Shophouse restaurants and bars on Boat Quay

The best places for a splurge with a view in the evening are Boat Quay, Clarke Quay and Robertson Quay, which have many riverside restaurants offering al fresco dining. However, especially on Boat Quay, avoid any restaurant that has to resort to touts to find customers.

  • 8 Gyu-Kaku, 81A Clemenceau Ave #01-18/19 (UE Square), +65 6733 4001. Stylish Japanese-style charcoal barbeque joint, with a vast selection of wagyu (Japanese beef) and side dishes. Vegetarians need not apply. $35.
  • 9 Jade, 1 Fullerton Square (Fullerton Hotel), +65 6877 8188. Lunch 11:30AM-2:30PM, dinner 6:30-10:30PM, Sa Su dim sum noon-3PM. One of Singapore's best-regarded Chinese restaurants, dinner here can get very expensive indeed, but they're packed on Saturday and Sunday for one of the best deals in town: all you can eat gourmet dim sum made to order for $39, including soup, tea, and signature dishes like black ink squid dumplings and wasabi prawns. Reserve early.
  • 10 Jumbo Seafood, 20 Upper Circular Rd #B1-48 (The Riverwalk), +65 6534 3435. Noon-3PM, 6-11:15PM. Well-located outlet of the popular seafood chain famed for their chilli crabs, a Singapore speciality. Jumbo has another central outlet at Riverside Point, just across the river from Clarke Quay. $50.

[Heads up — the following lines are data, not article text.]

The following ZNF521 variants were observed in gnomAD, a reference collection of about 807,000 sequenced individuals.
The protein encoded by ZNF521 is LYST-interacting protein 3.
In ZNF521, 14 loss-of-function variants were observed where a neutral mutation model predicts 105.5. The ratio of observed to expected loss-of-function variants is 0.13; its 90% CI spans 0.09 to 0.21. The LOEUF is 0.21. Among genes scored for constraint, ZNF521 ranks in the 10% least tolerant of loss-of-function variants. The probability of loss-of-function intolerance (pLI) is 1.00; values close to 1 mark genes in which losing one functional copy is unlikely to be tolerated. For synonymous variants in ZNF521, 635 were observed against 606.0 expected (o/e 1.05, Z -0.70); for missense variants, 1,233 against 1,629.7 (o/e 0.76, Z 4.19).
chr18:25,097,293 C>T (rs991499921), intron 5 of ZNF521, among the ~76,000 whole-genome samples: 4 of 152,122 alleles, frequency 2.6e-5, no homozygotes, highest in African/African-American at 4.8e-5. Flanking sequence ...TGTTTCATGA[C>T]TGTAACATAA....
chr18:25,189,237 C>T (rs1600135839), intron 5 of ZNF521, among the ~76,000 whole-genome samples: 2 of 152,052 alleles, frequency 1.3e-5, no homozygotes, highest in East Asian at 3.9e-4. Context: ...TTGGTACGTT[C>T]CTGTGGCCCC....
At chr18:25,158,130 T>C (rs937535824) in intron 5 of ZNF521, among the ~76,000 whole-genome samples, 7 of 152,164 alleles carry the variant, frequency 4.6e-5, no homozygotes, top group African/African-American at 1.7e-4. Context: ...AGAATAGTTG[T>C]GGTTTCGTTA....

• 11 Quayside Seafood Grill, Clarke Quay Block 3A, +65 6338 3195. 3PM-midnight. One of the better places for Singaporean food on the Quays. The pepper crab here is good but a little pricey at $4/100g, which translates to $60-80 per critter. $50.

Another good choice popular with the expat crowd is CHIJMES (30 Victoria St), the former Convent of the Holy Infant Jesus, now an atmospheric assemblage of high-end food & beverage outlets near the Raffles Hotel.